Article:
Wednesday, June 29, 2016

Behind the Scenes on 'Not a Fairy Tale' - the Vanity Fair After Party

Chapter One of Not a Fairy Tale took me longer to write than almost the rest of the book (warning: slight exaggeration).

In this chapter, actress Nina Alexander is at the Vanity Fair Oscar after party, doing her best to keep smiling after losing out on the Best Supporting Actress award, when she meets Dominic Kelly, the stuntman who worked on her previous film, Pirate's Revenge (in my book To Catch a Star). One rejected proposal and one wardrobe malfunction later, and Dom steps in to rescue her from utter humiliation. Cue the start of their romance...

Since this chapter is set at a very real and very famous event, I had to make sure I got the details right. So in the interest of accuracy, I spent a LOT of hours watching footage and sifting through images of celebrities on the red carpet.

Vanity Fair's star-studded party on Oscar night has been the hottest ticket in town since 1994. People have been known to offer up their first born to get their grubby paws on a ticket (okay, another slight exaggeration. I hope.) In 2009 the venue moved from Morton's, the restaurant of choice for Hollywood's power players, to The Terrace at Sunset Tower Hotel.

Cameras and cell phones are banned inside the party (only the official VF cameramen are allowed to take pictures) so it was hard to piece together the layout of the venue, how the security works (which I uncovered thanks to a Gawker paparazzo who blogged about how he sneaked into a previous year's party), protocols, what food they serve...  No sooner did I have a handle on it, then Vanity Fair announced the 2014 party would be in a completely different venue to accommodate the growing guest list.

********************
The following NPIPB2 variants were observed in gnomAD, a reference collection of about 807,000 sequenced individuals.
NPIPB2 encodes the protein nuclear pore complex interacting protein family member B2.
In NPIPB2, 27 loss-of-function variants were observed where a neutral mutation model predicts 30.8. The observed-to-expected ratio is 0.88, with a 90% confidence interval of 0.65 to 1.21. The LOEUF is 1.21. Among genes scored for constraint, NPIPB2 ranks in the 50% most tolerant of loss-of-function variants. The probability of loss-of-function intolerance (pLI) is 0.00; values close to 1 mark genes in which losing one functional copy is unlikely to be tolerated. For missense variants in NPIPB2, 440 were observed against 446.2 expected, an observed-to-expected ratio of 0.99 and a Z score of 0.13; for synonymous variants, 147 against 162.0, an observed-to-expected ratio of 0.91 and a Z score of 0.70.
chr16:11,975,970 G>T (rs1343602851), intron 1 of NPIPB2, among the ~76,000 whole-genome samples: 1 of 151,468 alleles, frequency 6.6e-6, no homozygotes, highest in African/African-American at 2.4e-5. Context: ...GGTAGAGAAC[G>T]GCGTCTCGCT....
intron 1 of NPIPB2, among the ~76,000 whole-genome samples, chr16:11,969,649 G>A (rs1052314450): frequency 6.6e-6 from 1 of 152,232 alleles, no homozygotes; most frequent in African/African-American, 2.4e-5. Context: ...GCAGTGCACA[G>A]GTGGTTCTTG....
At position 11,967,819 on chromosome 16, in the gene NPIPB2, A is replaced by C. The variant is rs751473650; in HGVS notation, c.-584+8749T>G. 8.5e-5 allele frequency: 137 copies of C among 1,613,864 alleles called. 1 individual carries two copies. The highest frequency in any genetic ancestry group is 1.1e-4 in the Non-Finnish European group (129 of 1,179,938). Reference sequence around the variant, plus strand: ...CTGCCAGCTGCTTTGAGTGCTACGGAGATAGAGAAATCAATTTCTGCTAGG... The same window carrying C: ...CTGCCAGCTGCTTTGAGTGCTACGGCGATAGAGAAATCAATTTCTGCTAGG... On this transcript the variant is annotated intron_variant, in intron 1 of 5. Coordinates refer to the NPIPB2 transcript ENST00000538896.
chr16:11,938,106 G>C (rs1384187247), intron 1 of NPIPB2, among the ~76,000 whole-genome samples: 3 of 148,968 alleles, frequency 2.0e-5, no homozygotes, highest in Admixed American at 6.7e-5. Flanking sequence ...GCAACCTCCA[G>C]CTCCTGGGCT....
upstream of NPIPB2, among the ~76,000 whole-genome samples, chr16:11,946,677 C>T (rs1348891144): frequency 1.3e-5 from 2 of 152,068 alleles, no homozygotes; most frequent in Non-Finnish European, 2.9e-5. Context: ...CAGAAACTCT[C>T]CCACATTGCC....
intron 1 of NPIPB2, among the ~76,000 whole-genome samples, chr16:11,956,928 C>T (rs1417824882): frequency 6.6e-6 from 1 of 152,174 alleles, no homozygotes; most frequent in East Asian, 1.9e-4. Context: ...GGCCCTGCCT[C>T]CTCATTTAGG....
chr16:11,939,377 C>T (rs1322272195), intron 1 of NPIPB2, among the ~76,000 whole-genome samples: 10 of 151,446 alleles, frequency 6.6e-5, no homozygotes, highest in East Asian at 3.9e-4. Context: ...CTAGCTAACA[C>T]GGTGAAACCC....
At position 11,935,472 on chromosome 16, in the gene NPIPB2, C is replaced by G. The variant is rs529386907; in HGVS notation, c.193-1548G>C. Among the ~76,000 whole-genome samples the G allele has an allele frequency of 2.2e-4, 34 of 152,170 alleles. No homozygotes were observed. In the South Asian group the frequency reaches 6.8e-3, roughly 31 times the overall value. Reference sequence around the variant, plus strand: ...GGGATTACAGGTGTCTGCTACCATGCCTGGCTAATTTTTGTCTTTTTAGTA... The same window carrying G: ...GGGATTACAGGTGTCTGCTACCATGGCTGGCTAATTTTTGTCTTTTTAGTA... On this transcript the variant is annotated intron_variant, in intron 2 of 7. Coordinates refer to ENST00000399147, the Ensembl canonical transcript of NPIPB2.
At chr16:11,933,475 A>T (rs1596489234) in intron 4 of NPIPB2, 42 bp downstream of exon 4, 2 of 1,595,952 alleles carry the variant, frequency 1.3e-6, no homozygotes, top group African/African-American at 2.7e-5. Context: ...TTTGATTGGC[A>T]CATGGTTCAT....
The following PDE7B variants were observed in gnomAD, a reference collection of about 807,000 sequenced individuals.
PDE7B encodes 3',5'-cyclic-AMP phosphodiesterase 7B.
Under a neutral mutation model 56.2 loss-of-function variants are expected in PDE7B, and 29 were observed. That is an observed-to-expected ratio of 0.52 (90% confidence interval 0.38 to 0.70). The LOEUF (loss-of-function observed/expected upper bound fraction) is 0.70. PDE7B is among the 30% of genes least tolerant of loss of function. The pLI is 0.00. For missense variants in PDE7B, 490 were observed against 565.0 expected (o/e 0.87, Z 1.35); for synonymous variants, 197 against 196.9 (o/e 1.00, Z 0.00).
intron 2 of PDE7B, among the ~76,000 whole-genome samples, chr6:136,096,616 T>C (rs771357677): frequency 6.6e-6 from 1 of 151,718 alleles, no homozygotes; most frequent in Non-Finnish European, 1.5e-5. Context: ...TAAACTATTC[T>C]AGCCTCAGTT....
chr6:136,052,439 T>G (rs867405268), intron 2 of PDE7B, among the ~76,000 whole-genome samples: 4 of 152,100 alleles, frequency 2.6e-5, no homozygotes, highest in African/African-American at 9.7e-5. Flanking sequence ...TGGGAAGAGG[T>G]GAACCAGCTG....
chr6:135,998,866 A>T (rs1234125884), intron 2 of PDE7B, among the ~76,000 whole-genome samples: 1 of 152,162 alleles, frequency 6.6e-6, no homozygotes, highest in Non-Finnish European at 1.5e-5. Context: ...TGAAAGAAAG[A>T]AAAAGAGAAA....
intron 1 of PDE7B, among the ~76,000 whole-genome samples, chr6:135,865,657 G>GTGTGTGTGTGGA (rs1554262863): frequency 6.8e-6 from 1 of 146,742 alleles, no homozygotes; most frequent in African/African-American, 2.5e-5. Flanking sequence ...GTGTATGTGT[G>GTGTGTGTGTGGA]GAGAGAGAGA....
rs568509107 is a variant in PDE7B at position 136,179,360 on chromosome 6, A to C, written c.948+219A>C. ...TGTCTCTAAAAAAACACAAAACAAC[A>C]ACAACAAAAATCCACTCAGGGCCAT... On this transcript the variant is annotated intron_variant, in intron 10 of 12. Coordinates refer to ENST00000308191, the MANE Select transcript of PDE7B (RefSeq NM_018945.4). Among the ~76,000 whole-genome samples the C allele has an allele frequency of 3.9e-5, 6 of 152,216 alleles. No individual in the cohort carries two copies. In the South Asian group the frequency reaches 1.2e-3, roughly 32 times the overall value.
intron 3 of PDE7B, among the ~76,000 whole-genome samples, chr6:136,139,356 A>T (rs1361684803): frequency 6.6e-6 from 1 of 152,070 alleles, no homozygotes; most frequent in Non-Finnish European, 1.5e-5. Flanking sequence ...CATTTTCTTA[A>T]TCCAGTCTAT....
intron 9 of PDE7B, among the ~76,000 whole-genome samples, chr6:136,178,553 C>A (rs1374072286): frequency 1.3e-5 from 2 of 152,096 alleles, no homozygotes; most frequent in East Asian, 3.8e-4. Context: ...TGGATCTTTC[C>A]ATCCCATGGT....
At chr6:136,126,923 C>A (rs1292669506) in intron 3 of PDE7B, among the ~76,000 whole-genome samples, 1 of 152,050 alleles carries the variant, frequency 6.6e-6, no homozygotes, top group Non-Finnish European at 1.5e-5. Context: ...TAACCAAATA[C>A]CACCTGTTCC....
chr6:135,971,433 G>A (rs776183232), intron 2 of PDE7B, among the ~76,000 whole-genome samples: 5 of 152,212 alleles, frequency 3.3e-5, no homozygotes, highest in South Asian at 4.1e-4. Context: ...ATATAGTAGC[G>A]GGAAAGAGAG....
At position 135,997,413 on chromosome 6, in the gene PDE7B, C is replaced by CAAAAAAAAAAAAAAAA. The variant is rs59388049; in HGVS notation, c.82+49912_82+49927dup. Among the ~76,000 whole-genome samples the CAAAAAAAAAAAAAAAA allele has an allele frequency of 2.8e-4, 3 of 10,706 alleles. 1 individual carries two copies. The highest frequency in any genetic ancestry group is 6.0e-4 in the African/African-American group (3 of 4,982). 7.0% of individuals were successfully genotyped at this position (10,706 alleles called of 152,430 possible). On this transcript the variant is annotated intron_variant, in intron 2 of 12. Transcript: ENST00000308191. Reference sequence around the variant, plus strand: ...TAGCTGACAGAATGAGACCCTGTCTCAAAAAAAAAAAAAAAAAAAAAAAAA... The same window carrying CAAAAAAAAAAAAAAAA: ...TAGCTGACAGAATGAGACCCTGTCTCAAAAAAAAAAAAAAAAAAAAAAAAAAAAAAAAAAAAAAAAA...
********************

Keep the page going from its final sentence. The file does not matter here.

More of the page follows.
I had to start all over again.

The new party venue was a custom-built structure raised in the car park at Sunset Plaza, consisting of three main areas: a dining room where dinner was served during a live screening of the Awards ceremony (exclusive to only a very limited number of guests), the main party venue, and an outdoor terrace overlooking the city where guests could get a breath of fresh air.

As an added bonus, in the car park out back late night revellers who felt peckish could grab a bite from the In-N-Out burger truck or the Nespresso food truck. (All free of course, because how could you possibly expect the world's wealthiest celebrities to pay for anything?!)

And then I got really lucky: Vanity Fair posted a video detailing the entire erection of the custom built venue, interviews with the architect, designer, chef... even glimpses of the menu being prepared.

You can watch the video here:

One of my favourite fun facts I uncovered researching this chapter was the hierarchy of admissions. VF's invitations carry a strict admittance time, and only Oscar nominees can get away with defying their allotted arrival time. The earlier your arrival time, the higher ranked you are. Those who crack an invitation to dinner are highly privileged, those whose invitations are for after midnight (when the press photographers flocked outside are too tired and disinterested in taking your picture) either haven't made it yet or are past their sell-by date.

If you enjoy Hollywood glamour, check out this reporter's half hour window on the party to end all parties, the designer's gallery, and the official Vanity Fair slideshow.

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